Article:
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How to help your child deal with anxiety

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Julie and Maisie Irvine, experiencing the calm of yoga (Photograph by Blaire Simmons)

In high school, Julie Irvine spent many sleepless nights worrying about exams. Physics and maths were her weak spots. When finally faced with the test she would go completely blank.

“I’d have to really work to calm myself down,” Ms Irvine said.

Today, the 40-year-old recognises what her real problem was: anxiety.

“I don’t think back then I even knew what anxiety was,” she said. “I wish there had been some kind of programme to help me deal with it.”

It is one of the reasons she got behind Worry Busters. The programme at holistic wellness centre Solstice helps children aged eight to 11 deal with anxiety.

“I really started noticing anxiety in children when I coached gymnastics, ten years ago,” Ms Irvine said. “I saw a lot of parents overly keen for their kids to perform well when their children were probably better doing it for fun.”

She recalled one incident when a parent pushed her child off the bar and showed her “how to do it”.

“The child was so embarrassed,” said Ms Irvine, an occupational therapist in the public school system. “After that, the child was very reluctant to do her routine whenever the parent was there watching.

“Developmental psychologists say we can see anxiety as early on as infancy. Anxiety in children is becoming more and more prevalent.

“There is an environmental, cultural and societal expectation for kids to not just do, but do well. A lot of our clients are the type of kids who want to please. They get anxious if they feel they can’t perform.”

Social media has added to the problem, providing greater opportunity for children to bully.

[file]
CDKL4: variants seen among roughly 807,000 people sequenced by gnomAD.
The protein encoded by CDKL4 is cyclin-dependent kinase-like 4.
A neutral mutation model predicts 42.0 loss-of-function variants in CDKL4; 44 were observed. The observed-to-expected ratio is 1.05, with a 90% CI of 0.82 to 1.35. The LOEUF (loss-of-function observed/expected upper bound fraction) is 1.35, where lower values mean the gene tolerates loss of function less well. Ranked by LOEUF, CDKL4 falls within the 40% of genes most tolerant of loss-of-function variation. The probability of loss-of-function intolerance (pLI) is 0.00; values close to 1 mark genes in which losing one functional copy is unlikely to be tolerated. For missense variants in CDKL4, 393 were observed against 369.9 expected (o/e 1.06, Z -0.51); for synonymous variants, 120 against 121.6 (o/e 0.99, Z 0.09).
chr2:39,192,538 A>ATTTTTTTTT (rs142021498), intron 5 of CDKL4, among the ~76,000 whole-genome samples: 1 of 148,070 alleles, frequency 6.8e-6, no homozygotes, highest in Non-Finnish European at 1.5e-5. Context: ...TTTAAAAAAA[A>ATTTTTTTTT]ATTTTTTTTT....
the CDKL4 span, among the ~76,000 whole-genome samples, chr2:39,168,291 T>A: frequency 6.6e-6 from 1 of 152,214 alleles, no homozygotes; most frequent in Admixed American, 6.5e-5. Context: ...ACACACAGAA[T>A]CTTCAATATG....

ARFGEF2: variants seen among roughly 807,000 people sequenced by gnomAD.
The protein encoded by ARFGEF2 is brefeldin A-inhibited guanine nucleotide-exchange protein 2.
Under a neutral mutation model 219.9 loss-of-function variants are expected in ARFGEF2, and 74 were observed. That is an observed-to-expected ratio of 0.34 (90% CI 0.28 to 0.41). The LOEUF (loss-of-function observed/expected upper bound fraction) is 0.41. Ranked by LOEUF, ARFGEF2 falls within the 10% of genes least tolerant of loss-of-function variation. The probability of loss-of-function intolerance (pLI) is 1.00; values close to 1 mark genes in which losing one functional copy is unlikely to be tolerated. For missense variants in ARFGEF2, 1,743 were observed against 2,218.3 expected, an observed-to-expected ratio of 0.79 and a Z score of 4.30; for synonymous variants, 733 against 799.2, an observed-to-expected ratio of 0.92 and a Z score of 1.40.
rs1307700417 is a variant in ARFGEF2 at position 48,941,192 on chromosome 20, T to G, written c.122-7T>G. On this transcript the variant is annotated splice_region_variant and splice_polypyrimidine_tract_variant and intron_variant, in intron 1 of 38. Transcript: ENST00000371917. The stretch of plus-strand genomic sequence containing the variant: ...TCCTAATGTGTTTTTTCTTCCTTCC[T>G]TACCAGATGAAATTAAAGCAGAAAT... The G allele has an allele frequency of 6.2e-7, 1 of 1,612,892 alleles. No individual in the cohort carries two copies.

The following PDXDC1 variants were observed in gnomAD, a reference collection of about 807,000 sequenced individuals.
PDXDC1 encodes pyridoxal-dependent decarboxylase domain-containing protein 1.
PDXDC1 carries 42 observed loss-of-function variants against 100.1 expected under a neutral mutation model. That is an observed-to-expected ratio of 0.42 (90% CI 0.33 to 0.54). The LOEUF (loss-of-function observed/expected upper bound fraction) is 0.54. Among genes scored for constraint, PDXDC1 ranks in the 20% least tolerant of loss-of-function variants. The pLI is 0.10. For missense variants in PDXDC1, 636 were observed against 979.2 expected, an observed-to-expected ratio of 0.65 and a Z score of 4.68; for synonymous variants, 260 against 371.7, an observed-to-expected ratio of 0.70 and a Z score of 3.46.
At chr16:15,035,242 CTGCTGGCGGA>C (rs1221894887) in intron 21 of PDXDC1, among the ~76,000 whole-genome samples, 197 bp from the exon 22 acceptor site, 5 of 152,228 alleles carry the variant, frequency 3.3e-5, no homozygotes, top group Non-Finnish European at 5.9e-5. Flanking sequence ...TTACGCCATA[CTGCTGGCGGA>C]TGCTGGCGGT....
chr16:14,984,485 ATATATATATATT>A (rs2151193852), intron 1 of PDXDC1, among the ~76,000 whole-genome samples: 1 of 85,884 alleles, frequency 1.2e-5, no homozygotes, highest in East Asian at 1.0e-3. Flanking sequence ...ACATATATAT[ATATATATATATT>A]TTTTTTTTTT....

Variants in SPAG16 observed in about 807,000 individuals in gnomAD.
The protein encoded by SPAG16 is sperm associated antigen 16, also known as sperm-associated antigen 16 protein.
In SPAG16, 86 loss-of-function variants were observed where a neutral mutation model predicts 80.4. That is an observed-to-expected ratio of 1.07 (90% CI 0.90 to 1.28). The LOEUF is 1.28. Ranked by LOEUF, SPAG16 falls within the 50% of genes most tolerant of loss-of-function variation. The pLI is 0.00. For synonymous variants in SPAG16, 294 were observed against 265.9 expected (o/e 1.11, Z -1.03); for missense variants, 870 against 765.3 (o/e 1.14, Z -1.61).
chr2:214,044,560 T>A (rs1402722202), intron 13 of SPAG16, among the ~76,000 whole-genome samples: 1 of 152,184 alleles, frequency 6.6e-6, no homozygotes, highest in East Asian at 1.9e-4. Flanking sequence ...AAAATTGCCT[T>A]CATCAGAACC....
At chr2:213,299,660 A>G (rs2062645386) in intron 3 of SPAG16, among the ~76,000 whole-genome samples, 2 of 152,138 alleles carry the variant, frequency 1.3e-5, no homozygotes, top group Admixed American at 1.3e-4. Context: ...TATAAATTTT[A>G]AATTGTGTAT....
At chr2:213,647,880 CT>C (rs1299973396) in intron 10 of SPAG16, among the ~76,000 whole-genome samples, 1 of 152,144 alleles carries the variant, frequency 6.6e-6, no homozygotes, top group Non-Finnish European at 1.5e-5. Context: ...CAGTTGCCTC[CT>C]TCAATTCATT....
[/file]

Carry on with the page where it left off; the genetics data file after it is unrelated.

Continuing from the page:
“Anxiety is normal,” Ms Irvine said. “Kids have to experience a normal level of anxiety. It is there for a purpose. From caveman years it helped us to evolve to where we are now.

“It is when that anxiety interferes with daily function to a degree where you’ve lost your quality of life that you have to be concerned. Is the child avoiding doing situations they haven’t done before? Are they having trouble sleeping or avoiding socialising?”

Worry Busters is an eight-week course loosely based on GoZen, an anxiety-reducing programme.

It teaches youngsters how to breathe to calm themselves and incorporates yoga “to teach mindfulness”.

There will also be role-playing and discussion about social media.

Parents are taught how to identify and deal with their child’s anxiety.

“It’s important not to misinterpret signs,” Ms Irvine said. “If a child has a bellyache and doesn’t want to go to school, you have to ask: is there a reason?

“Is there a test they’re avoiding or is their nemesis in class that day?”

Her five-year-old daughter, Maisie, worried about finding the bathroom when she started school in September.

“There would be a constant loop on this one issue,” she said. “During the first week of school she didn’t want to leave me to go to class. She soon came out of it. If that had persisted from September to now it would have been an issue.

“In Worry Busters, we teach kids how to identify their thought patterns and how to change them.”

Brighter children, and more reserved and inhibited children tend to be more prone to anxiety than others, she believes.

“There are also familial links and brain neuro transmission issues that seem connected with anxiety,” Ms Irvine said.

The warning signs

Does your child regularly complain they’re too sick to go to school? Do they seem withdrawn?

They may be signs of anxiety.

Here are a few more:

1, Frequent, unexplained sweaty hands, stomachache, nausea and headaches

2, Withdrawing from social activities

3, Looping over a particular issue

4, Disturbed sleeping or sleeplessness

5, Difficulty concentrating

For more information, contact Solstice on 293-3456 or info@solstice.bm

Julie and Maisie Irvine, experiencing the calm of yoga (Photograph by Blaire Simmons)
Maisie Irvine, catching bad thoughts, with her butterfly net (Photograph by Blaire Simmons)
Maisie Irvine catching bad thoughts with her butterfly net (Photograph by Blaire Simmons)
Maisie Irvine catching bad thoughts with her butterfly net (Photograph by Blaire Simmons)
Maisie Irvine catching bad thoughts with a butterfly net (Photograph by Blaire Simmons)